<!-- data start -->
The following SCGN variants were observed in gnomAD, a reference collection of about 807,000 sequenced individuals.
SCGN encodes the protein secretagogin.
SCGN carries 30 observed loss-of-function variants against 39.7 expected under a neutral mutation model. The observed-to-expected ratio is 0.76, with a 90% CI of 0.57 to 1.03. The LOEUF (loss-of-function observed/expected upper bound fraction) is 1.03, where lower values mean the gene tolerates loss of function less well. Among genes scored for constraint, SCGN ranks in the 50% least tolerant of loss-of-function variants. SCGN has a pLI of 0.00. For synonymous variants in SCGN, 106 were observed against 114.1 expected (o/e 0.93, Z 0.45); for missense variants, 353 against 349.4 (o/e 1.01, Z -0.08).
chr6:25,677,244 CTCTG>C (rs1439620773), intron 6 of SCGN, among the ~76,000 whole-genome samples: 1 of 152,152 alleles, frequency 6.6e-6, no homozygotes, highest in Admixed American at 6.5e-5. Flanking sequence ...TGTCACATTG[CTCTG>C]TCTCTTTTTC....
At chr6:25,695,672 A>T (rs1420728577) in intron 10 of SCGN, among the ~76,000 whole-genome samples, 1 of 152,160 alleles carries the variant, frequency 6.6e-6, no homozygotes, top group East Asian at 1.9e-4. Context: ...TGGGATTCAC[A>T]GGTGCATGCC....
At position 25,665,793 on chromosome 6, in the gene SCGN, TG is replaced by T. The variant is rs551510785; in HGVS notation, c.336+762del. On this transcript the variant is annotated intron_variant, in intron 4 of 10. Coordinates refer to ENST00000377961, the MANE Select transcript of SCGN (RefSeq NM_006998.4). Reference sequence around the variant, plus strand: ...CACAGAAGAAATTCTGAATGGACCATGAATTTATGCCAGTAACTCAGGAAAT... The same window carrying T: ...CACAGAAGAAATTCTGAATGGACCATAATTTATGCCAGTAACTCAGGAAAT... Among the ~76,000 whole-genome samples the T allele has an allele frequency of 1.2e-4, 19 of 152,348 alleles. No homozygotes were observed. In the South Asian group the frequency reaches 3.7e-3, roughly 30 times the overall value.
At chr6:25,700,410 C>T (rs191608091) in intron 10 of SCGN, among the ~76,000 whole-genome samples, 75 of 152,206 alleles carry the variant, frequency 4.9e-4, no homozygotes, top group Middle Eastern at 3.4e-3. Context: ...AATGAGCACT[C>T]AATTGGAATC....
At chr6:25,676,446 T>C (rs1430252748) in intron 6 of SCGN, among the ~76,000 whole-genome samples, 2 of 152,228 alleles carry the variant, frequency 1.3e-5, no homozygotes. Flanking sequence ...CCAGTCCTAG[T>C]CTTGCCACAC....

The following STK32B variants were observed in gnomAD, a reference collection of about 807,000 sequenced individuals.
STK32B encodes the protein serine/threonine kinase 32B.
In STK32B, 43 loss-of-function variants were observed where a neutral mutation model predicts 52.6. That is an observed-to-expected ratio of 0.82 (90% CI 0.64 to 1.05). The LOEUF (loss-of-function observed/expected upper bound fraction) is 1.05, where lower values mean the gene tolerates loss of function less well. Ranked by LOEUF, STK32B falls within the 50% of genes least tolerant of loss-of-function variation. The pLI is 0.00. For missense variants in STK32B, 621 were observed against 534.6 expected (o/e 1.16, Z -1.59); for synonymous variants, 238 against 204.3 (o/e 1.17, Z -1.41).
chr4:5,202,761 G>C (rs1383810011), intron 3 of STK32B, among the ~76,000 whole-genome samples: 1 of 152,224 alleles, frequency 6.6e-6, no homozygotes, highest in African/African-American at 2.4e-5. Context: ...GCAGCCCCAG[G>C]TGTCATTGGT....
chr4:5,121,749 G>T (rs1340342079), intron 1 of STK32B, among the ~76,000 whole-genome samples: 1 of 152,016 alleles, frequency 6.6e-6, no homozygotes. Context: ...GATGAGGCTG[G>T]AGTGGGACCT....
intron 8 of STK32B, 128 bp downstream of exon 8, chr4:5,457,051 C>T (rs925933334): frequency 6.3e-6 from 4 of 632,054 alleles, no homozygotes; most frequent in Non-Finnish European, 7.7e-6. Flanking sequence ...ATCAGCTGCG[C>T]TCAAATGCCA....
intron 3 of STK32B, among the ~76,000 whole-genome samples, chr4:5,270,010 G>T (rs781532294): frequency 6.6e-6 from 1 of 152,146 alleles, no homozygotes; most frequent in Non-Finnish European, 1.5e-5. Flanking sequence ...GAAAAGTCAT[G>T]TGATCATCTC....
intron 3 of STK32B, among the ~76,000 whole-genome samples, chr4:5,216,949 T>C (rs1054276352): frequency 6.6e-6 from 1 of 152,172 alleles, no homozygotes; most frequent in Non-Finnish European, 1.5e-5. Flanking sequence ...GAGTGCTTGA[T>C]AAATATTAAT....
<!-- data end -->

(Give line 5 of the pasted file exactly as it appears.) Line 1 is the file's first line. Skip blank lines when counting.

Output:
At chr6:25,695,672 A>T (rs1420728577) in intron 10 of SCGN, among the ~76,000 whole-genome samples, 1 of 152,160 alleles carries the variant, frequency 6.6e-6, no homozygotes, top group East Asian at 1.9e-4. Context: ...TGGGATTCAC[A>T]GGTGCATGCC....